Walking the Line to Make Graduates Feel Special


He walks the line: commencement reader Andy Green, left, with graduates Tiana Dupree and Dimima Garrett.

by Buffy Lockette 

It’s about an hour before Jacksonville State University’s spring commencement, and nearly 900 students are lined up in their caps and gowns in Kennamer Hall getting ready for the ceremony to start on Burgess-Snow Field. 

The graduates wait, in nervous anticipation, to mark one of the greatest milestones of their lives. They secure their caps, send text messages to loved ones arriving at the stadium, and reunite with classmates also getting ready to march out to “Pomp and Circumstance.”

JSU graduates Cassie Case and Samuel Cermack.Trinity Johna Elston, who is used to people mispronouncing her middle name, wonders if it’s going to be botched by the announcer when she crosses the stage. It may be spelled “Johna,” in honor of her father, John, but it is pronounced “Janay.” 

“I have to explain it so often that I opted out of having my middle name printed on my bank card,” Elston said. 

Other graduates share her fears, including Samuel Cermack (last name pronounced “Sir-Mack,” not “Kerr-Mack), Cassie (not Casey) Case, and Dimima Garrett (first name pronounced De-Maya, not De-Mee-Ma).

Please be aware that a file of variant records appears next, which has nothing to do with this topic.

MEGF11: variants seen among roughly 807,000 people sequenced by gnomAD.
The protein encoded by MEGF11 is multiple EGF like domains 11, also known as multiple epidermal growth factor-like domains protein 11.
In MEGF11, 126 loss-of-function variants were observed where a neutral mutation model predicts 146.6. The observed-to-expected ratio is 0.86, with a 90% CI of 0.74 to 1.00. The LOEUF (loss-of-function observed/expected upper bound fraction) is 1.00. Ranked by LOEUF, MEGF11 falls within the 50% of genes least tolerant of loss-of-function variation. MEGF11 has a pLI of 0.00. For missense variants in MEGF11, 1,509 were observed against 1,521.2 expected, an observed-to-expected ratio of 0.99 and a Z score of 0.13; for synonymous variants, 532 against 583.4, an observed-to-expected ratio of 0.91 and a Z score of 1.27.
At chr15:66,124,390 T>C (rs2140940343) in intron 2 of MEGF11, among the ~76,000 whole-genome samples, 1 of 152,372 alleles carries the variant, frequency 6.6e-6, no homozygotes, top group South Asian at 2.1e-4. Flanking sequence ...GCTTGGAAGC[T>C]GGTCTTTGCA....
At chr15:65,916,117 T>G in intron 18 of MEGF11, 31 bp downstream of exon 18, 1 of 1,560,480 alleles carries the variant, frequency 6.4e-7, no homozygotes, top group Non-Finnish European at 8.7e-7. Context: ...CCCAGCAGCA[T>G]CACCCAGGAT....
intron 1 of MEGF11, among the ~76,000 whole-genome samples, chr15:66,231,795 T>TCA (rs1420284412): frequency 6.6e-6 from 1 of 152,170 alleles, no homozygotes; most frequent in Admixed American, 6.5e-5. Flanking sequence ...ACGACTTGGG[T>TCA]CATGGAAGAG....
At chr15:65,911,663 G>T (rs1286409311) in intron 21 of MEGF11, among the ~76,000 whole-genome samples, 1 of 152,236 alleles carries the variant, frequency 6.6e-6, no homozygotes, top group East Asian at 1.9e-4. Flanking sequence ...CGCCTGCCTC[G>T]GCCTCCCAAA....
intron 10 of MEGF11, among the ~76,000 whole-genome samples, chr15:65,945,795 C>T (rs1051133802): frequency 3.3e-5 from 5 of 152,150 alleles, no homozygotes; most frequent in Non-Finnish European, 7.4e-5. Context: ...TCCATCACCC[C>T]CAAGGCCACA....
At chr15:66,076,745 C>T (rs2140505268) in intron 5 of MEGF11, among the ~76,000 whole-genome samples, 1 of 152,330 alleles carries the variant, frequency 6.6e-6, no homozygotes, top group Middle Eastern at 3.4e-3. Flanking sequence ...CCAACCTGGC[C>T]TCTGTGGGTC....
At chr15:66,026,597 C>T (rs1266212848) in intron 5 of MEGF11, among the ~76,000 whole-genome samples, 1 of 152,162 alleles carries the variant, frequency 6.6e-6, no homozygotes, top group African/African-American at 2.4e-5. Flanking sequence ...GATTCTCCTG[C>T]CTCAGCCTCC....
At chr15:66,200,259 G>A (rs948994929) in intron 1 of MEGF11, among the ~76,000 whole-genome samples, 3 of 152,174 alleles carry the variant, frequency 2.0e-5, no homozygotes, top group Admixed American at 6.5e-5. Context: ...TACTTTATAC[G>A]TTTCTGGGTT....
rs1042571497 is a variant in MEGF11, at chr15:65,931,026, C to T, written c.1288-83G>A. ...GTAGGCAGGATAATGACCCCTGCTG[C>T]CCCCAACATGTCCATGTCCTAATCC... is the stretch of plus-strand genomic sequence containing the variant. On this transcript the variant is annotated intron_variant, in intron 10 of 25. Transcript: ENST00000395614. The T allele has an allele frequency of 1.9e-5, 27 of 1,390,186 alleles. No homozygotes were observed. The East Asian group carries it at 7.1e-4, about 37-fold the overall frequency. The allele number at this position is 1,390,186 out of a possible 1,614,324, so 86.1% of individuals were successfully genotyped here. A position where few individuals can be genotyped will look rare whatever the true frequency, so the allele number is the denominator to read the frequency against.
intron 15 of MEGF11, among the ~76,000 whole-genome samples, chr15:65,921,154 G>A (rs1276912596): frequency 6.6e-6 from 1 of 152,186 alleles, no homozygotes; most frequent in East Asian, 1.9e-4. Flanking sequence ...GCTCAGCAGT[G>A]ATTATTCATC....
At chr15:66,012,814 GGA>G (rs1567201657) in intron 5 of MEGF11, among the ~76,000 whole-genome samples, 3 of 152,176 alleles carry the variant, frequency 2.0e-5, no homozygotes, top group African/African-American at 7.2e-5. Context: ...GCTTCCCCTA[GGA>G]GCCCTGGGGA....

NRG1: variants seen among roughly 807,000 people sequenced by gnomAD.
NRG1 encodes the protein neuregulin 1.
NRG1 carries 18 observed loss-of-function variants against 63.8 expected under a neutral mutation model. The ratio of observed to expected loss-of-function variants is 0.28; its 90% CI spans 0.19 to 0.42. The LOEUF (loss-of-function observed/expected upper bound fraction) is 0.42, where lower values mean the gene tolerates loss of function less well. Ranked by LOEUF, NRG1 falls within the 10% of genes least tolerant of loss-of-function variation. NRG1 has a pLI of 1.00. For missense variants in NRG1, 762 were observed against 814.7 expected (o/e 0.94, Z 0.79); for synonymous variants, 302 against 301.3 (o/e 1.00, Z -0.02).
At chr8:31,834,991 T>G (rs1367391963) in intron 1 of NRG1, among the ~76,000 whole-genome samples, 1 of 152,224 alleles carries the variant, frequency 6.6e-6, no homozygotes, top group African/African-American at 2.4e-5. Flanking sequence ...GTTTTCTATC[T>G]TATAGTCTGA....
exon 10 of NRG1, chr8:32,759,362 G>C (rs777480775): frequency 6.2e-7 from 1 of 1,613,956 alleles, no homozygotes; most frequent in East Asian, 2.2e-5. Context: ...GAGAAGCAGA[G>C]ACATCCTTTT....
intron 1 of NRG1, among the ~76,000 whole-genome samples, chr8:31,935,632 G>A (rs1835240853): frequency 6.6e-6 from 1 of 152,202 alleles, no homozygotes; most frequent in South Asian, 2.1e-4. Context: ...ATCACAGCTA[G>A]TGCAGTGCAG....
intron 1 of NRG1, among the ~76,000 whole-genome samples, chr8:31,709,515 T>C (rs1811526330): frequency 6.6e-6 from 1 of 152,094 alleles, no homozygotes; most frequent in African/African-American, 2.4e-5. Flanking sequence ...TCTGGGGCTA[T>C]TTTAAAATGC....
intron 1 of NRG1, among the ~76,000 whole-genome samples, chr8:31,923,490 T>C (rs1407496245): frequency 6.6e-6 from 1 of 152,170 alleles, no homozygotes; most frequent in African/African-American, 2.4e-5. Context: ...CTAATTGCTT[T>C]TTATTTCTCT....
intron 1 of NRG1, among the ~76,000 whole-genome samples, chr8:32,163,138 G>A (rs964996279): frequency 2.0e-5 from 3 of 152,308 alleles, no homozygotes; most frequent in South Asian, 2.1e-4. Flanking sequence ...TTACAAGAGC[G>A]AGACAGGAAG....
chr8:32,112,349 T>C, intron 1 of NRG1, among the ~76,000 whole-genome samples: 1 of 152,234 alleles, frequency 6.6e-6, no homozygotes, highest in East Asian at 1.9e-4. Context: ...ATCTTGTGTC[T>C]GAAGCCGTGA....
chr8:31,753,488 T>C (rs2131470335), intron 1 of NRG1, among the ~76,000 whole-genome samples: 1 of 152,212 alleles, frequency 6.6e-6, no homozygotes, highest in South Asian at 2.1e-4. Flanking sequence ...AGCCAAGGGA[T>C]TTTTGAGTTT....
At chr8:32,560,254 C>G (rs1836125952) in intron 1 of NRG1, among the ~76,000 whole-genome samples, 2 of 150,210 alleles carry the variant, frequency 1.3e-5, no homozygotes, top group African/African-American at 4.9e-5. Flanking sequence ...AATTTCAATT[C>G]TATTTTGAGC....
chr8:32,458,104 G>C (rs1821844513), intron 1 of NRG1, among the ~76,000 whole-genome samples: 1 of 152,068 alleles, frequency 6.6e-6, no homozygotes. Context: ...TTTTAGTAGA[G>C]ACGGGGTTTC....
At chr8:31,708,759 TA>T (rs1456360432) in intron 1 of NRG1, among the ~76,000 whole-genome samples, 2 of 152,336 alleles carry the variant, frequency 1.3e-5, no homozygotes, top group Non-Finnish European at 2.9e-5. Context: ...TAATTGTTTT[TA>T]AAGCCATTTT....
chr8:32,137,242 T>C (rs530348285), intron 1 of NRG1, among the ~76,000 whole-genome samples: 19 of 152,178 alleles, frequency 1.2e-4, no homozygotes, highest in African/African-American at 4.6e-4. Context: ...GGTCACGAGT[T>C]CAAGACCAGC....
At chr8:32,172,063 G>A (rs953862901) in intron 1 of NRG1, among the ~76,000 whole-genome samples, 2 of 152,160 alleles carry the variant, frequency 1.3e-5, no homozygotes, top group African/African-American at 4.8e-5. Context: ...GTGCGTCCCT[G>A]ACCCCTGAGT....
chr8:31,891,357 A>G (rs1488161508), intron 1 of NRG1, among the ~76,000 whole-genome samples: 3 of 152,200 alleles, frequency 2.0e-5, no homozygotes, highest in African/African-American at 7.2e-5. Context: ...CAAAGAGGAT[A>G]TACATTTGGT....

“Usually, I don’t correct people,” said Alexandria Quintero (last named pronounced “Keen-tero,” like quinceañera, rather than "Quinn-tero"). "But this is a day that it needs to be correct."  

The university agrees. That's why commencement reader Andy Green walks the line before every ceremony each semester, checking the pronunciation or preferred name of each graduate. He is usually joined by alternate reader Dr. Andrea Porter, but this semester Dr. Janet Bavonese was on standby in case of emergency (like laryngitis). But Green is almost always the one at the podium. 

"It's a wonderful way to give back to JSU," he said. "Everyone's name is unique to them. While there are people who share a name, everyone's name is special. I have seen students' names be mispronounced and it affect them because it's as if somebody doesn't know them. These students have given so much to this institution, we owe it to them to know who they are, say their name correctly and make them feel special." 

Each student’s name is also printed in the digital commencement program and shared through the student achievement portal, Merit. The ceremony is streamed live and archived on YouTube.

The graduates themselves are given the opportunity to thank those who assisted them on their college journey by recording a brief message to be shared on the screen before the ceremony. The clips are recorded by JSU Digital Media Services at Graduation Fair each semester. 

Celebrate the next class of JSU graduates at Summer 2023 commencement on Aug. 4, with ceremonies at 10 a.m. and 2 p.m. in Pete Mathews Coliseum.